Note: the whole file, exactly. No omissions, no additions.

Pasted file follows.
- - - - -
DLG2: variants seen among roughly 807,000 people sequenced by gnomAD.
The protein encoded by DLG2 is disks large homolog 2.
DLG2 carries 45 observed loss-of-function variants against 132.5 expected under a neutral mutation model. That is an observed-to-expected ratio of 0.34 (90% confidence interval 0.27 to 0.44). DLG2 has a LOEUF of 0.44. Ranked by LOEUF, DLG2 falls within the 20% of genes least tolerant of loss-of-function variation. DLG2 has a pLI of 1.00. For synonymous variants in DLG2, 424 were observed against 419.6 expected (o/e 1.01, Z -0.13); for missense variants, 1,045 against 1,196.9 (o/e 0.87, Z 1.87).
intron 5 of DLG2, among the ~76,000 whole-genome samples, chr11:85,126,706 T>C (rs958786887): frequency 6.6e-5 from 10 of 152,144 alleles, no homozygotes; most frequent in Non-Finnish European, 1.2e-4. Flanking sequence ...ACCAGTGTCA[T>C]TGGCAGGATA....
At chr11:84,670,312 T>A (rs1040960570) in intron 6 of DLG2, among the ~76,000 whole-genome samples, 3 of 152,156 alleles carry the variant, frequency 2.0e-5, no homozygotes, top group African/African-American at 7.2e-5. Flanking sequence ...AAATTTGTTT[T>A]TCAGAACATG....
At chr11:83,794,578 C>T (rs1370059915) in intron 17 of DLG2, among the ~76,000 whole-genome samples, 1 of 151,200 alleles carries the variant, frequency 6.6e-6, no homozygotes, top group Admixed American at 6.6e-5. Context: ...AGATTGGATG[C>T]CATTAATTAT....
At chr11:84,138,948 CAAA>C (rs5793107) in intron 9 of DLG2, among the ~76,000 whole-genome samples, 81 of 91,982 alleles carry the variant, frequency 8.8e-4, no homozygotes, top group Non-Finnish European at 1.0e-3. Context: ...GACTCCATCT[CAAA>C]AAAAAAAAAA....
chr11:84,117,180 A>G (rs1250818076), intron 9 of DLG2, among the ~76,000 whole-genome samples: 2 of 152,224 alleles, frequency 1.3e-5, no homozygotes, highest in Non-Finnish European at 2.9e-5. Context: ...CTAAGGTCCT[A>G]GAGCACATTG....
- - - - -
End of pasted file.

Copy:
DLG2: variants seen among roughly 807,000 people sequenced by gnomAD.
The protein encoded by DLG2 is disks large homolog 2.
DLG2 carries 45 observed loss-of-function variants against 132.5 expected under a neutral mutation model. That is an observed-to-expected ratio of 0.34 (90% confidence interval 0.27 to 0.44). DLG2 has a LOEUF of 0.44. Ranked by LOEUF, DLG2 falls within the 20% of genes least tolerant of loss-of-function variation. DLG2 has a pLI of 1.00. For synonymous variants in DLG2, 424 were observed against 419.6 expected (o/e 1.01, Z -0.13); for missense variants, 1,045 against 1,196.9 (o/e 0.87, Z 1.87).
intron 5 of DLG2, among the ~76,000 whole-genome samples, chr11:85,126,706 T>C (rs958786887): frequency 6.6e-5 from 10 of 152,144 alleles, no homozygotes; most frequent in Non-Finnish European, 1.2e-4. Flanking sequence ...ACCAGTGTCA[T>C]TGGCAGGATA....
At chr11:84,670,312 T>A (rs1040960570) in intron 6 of DLG2, among the ~76,000 whole-genome samples, 3 of 152,156 alleles carry the variant, frequency 2.0e-5, no homozygotes, top group African/African-American at 7.2e-5. Flanking sequence ...AAATTTGTTT[T>A]TCAGAACATG....
At chr11:83,794,578 C>T (rs1370059915) in intron 17 of DLG2, among the ~76,000 whole-genome samples, 1 of 151,200 alleles carries the variant, frequency 6.6e-6, no homozygotes, top group Admixed American at 6.6e-5. Context: ...AGATTGGATG[C>T]CATTAATTAT....
At chr11:84,138,948 CAAA>C (rs5793107) in intron 9 of DLG2, among the ~76,000 whole-genome samples, 81 of 91,982 alleles carry the variant, frequency 8.8e-4, no homozygotes, top group Non-Finnish European at 1.0e-3. Context: ...GACTCCATCT[CAAA>C]AAAAAAAAAA....
chr11:84,117,180 A>G (rs1250818076), intron 9 of DLG2, among the ~76,000 whole-genome samples: 2 of 152,224 alleles, frequency 1.3e-5, no homozygotes, highest in Non-Finnish European at 2.9e-5. Context: ...CTAAGGTCCT[A>G]GAGCACATTG....